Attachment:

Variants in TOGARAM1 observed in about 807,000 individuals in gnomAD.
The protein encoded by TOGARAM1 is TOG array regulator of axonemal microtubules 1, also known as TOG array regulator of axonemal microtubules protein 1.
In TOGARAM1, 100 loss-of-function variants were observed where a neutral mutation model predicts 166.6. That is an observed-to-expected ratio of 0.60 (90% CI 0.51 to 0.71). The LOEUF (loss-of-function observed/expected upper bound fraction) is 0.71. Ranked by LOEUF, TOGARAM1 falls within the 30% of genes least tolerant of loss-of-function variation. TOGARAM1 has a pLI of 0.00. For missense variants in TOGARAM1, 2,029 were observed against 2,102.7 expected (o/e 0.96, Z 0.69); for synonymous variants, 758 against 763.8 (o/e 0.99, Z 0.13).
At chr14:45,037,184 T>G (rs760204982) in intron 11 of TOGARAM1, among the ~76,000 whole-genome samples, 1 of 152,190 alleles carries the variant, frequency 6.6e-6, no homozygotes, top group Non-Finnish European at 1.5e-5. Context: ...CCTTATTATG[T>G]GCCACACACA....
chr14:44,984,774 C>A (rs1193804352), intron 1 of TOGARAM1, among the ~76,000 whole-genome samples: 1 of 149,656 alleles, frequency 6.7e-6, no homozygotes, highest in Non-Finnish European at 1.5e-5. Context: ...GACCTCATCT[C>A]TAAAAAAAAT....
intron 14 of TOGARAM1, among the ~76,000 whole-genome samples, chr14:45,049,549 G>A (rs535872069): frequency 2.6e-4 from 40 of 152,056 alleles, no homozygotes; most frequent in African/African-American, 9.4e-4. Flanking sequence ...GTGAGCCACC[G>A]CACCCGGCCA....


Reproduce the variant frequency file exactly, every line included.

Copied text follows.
Variants in TOGARAM1 observed in about 807,000 individuals in gnomAD.
The protein encoded by TOGARAM1 is TOG array regulator of axonemal microtubules 1, also known as TOG array regulator of axonemal microtubules protein 1.
In TOGARAM1, 100 loss-of-function variants were observed where a neutral mutation model predicts 166.6. That is an observed-to-expected ratio of 0.60 (90% CI 0.51 to 0.71). The LOEUF (loss-of-function observed/expected upper bound fraction) is 0.71. Ranked by LOEUF, TOGARAM1 falls within the 30% of genes least tolerant of loss-of-function variation. TOGARAM1 has a pLI of 0.00. For missense variants in TOGARAM1, 2,029 were observed against 2,102.7 expected (o/e 0.96, Z 0.69); for synonymous variants, 758 against 763.8 (o/e 0.99, Z 0.13).
At chr14:45,037,184 T>G (rs760204982) in intron 11 of TOGARAM1, among the ~76,000 whole-genome samples, 1 of 152,190 alleles carries the variant, frequency 6.6e-6, no homozygotes, top group Non-Finnish European at 1.5e-5. Context: ...CCTTATTATG[T>G]GCCACACACA....
chr14:44,984,774 C>A (rs1193804352), intron 1 of TOGARAM1, among the ~76,000 whole-genome samples: 1 of 149,656 alleles, frequency 6.7e-6, no homozygotes, highest in Non-Finnish European at 1.5e-5. Context: ...GACCTCATCT[C>A]TAAAAAAAAT....
intron 14 of TOGARAM1, among the ~76,000 whole-genome samples, chr14:45,049,549 G>A (rs535872069): frequency 2.6e-4 from 40 of 152,056 alleles, no homozygotes; most frequent in African/African-American, 9.4e-4. Flanking sequence ...GTGAGCCACC[G>A]CACCCGGCCA....